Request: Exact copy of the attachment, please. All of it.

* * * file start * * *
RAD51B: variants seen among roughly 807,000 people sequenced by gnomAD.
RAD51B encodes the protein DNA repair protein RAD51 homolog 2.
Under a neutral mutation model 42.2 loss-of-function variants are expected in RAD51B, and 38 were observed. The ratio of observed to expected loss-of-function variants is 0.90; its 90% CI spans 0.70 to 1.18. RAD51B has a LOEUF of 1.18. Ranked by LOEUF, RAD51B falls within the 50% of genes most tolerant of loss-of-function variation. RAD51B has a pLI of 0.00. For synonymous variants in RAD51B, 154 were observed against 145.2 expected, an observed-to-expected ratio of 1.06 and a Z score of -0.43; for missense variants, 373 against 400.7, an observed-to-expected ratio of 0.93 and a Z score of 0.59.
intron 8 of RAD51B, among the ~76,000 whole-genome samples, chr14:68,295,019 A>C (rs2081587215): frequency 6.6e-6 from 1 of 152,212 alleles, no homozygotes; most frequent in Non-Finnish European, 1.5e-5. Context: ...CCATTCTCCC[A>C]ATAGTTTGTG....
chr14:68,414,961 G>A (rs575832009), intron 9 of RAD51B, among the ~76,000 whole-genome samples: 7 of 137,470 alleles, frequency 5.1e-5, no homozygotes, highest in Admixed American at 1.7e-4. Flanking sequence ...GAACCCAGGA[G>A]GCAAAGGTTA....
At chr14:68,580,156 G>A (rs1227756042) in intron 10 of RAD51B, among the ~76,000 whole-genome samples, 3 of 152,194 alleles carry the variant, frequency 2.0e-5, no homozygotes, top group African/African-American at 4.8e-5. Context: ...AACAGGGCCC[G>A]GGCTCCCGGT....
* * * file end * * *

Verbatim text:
RAD51B: variants seen among roughly 807,000 people sequenced by gnomAD.
RAD51B encodes the protein DNA repair protein RAD51 homolog 2.
Under a neutral mutation model 42.2 loss-of-function variants are expected in RAD51B, and 38 were observed. The ratio of observed to expected loss-of-function variants is 0.90; its 90% CI spans 0.70 to 1.18. RAD51B has a LOEUF of 1.18. Ranked by LOEUF, RAD51B falls within the 50% of genes most tolerant of loss-of-function variation. RAD51B has a pLI of 0.00. For synonymous variants in RAD51B, 154 were observed against 145.2 expected, an observed-to-expected ratio of 1.06 and a Z score of -0.43; for missense variants, 373 against 400.7, an observed-to-expected ratio of 0.93 and a Z score of 0.59.
intron 8 of RAD51B, among the ~76,000 whole-genome samples, chr14:68,295,019 A>C (rs2081587215): frequency 6.6e-6 from 1 of 152,212 alleles, no homozygotes; most frequent in Non-Finnish European, 1.5e-5. Context: ...CCATTCTCCC[A>C]ATAGTTTGTG....
chr14:68,414,961 G>A (rs575832009), intron 9 of RAD51B, among the ~76,000 whole-genome samples: 7 of 137,470 alleles, frequency 5.1e-5, no homozygotes, highest in Admixed American at 1.7e-4. Flanking sequence ...GAACCCAGGA[G>A]GCAAAGGTTA....
At chr14:68,580,156 G>A (rs1227756042) in intron 10 of RAD51B, among the ~76,000 whole-genome samples, 3 of 152,194 alleles carry the variant, frequency 2.0e-5, no homozygotes, top group African/African-American at 4.8e-5. Context: ...AACAGGGCCC[G>A]GGCTCCCGGT....